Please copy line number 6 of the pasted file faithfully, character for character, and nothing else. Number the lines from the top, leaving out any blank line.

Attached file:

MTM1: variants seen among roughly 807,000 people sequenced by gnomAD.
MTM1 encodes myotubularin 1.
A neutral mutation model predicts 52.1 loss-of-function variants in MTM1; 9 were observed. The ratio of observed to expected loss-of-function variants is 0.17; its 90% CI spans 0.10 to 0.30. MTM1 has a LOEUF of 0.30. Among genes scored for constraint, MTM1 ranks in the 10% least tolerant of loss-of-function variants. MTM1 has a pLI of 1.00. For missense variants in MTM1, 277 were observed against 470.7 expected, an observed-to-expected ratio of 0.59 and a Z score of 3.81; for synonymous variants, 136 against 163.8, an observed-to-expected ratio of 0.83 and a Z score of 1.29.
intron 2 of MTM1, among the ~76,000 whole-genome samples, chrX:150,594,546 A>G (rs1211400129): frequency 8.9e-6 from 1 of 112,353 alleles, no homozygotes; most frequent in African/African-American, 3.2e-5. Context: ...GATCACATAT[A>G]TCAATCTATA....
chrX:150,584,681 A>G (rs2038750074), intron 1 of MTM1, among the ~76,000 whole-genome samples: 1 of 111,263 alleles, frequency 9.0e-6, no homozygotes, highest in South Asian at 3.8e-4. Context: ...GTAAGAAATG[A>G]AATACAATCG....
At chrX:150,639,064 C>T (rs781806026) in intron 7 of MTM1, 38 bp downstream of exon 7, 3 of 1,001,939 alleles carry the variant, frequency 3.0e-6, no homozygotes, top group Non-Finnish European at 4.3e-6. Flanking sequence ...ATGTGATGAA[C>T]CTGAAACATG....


At chrX:150,639,064 C>T (rs781806026) in intron 7 of MTM1, 38 bp downstream of exon 7, 3 of 1,001,939 alleles carry the variant, frequency 3.0e-6, no homozygotes, top group Non-Finnish European at 4.3e-6. Flanking sequence ...ATGTGATGAA[C>T]CTGAAACATG....